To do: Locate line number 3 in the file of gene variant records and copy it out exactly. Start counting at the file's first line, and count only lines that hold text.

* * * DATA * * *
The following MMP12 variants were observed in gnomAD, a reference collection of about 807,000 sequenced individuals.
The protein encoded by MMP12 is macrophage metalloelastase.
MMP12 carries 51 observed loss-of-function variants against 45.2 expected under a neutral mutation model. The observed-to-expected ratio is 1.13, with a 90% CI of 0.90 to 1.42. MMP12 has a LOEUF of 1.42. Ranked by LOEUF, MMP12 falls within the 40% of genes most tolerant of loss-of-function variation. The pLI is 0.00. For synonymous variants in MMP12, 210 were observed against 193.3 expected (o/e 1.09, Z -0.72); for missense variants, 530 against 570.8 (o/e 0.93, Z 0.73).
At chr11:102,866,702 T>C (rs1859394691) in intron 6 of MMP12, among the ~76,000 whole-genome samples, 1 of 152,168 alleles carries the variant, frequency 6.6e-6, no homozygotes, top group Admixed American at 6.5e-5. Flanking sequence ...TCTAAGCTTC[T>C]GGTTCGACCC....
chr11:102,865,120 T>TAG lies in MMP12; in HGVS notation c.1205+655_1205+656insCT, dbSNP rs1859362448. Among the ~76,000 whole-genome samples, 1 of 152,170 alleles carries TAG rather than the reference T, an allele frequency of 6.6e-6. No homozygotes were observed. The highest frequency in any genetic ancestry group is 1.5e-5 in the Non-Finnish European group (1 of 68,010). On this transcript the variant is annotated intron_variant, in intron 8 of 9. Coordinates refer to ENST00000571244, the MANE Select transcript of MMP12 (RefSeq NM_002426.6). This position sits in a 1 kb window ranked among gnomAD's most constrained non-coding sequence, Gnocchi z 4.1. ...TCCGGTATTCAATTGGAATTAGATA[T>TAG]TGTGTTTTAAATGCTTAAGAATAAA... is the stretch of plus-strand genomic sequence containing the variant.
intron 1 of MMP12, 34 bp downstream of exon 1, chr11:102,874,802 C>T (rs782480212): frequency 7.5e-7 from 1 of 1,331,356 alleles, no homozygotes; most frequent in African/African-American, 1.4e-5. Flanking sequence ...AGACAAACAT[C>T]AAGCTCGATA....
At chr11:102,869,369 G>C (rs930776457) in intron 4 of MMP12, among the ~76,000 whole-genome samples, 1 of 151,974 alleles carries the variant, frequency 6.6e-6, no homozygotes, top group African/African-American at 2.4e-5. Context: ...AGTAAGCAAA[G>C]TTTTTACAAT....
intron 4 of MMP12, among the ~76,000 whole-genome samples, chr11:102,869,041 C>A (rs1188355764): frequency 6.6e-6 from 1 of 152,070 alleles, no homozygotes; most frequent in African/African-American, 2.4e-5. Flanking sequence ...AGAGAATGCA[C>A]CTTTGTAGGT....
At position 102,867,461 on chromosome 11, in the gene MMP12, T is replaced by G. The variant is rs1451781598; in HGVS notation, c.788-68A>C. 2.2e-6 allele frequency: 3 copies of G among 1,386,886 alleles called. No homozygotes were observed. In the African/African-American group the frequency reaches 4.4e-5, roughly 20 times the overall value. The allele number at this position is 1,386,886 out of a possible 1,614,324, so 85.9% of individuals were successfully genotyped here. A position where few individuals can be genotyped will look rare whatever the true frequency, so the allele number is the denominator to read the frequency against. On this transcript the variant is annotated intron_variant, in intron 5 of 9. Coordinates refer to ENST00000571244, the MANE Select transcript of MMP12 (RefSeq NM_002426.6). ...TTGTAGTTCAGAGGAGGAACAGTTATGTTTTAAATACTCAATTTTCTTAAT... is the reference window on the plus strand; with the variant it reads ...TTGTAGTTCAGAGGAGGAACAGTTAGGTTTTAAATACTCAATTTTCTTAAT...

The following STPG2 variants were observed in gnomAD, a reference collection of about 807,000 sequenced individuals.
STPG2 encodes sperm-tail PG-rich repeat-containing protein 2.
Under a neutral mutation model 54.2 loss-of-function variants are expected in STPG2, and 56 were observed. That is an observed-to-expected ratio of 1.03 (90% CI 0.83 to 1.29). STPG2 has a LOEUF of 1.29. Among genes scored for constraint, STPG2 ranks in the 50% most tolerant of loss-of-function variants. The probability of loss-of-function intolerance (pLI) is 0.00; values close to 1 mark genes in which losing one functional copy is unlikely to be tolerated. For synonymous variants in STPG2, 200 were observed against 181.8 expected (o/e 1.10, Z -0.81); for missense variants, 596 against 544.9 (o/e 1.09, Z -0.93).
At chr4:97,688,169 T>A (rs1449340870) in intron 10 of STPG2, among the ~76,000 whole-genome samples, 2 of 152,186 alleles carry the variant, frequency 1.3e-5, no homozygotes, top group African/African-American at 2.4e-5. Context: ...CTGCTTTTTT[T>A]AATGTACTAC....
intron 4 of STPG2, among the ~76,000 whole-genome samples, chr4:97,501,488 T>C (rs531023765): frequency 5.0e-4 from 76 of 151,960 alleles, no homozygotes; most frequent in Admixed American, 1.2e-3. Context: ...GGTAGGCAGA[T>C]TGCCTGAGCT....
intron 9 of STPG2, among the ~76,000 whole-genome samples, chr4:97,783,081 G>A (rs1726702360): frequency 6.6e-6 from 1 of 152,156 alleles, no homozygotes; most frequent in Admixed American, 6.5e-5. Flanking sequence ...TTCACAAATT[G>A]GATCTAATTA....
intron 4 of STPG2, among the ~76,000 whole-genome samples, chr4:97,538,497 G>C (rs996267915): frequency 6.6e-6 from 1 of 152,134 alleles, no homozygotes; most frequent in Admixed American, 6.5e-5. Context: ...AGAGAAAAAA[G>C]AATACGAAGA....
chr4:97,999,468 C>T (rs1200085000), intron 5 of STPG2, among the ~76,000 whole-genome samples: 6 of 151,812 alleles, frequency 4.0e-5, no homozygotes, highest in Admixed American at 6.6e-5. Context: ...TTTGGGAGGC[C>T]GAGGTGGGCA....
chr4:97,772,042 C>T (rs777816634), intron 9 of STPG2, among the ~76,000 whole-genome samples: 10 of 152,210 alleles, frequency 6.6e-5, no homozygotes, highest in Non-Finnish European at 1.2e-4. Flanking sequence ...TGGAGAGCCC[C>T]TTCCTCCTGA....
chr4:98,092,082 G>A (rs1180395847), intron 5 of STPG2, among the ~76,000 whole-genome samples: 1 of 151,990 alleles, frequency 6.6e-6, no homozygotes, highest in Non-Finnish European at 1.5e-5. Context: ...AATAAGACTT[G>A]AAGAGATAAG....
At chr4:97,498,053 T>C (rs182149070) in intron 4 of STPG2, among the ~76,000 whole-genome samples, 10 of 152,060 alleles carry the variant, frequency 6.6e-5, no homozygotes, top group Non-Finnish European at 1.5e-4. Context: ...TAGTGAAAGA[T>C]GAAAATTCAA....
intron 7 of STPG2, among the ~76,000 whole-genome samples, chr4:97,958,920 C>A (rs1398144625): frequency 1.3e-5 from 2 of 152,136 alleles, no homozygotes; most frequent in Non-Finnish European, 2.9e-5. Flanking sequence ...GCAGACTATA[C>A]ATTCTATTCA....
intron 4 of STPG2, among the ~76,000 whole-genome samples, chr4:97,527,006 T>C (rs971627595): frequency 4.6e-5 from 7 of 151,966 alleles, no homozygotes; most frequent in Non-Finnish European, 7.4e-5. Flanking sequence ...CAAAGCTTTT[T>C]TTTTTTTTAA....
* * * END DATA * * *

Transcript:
MMP12 carries 51 observed loss-of-function variants against 45.2 expected under a neutral mutation model. The observed-to-expected ratio is 1.13, with a 90% CI of 0.90 to 1.42. MMP12 has a LOEUF of 1.42. Ranked by LOEUF, MMP12 falls within the 40% of genes most tolerant of loss-of-function variation. The pLI is 0.00. For synonymous variants in MMP12, 210 were observed against 193.3 expected (o/e 1.09, Z -0.72); for missense variants, 530 against 570.8 (o/e 0.93, Z 0.73).